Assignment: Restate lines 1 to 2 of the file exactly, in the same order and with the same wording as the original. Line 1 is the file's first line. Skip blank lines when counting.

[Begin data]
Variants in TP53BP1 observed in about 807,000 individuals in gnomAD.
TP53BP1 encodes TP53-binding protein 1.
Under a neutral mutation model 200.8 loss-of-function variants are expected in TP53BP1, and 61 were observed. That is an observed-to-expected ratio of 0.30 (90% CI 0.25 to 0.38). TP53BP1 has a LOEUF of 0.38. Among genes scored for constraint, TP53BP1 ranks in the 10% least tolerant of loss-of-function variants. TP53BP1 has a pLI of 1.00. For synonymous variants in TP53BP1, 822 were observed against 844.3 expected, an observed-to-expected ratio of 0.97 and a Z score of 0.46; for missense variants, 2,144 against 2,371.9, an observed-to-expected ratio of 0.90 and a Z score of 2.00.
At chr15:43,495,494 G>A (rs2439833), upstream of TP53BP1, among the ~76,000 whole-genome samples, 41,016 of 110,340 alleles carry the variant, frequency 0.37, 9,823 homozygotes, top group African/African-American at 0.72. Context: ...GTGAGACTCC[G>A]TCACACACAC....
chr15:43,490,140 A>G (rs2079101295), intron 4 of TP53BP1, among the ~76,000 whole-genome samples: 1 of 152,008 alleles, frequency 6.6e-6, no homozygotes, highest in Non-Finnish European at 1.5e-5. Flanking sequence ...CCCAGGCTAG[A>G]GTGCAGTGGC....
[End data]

Variants in TP53BP1 observed in about 807,000 individuals in gnomAD.
TP53BP1 encodes TP53-binding protein 1.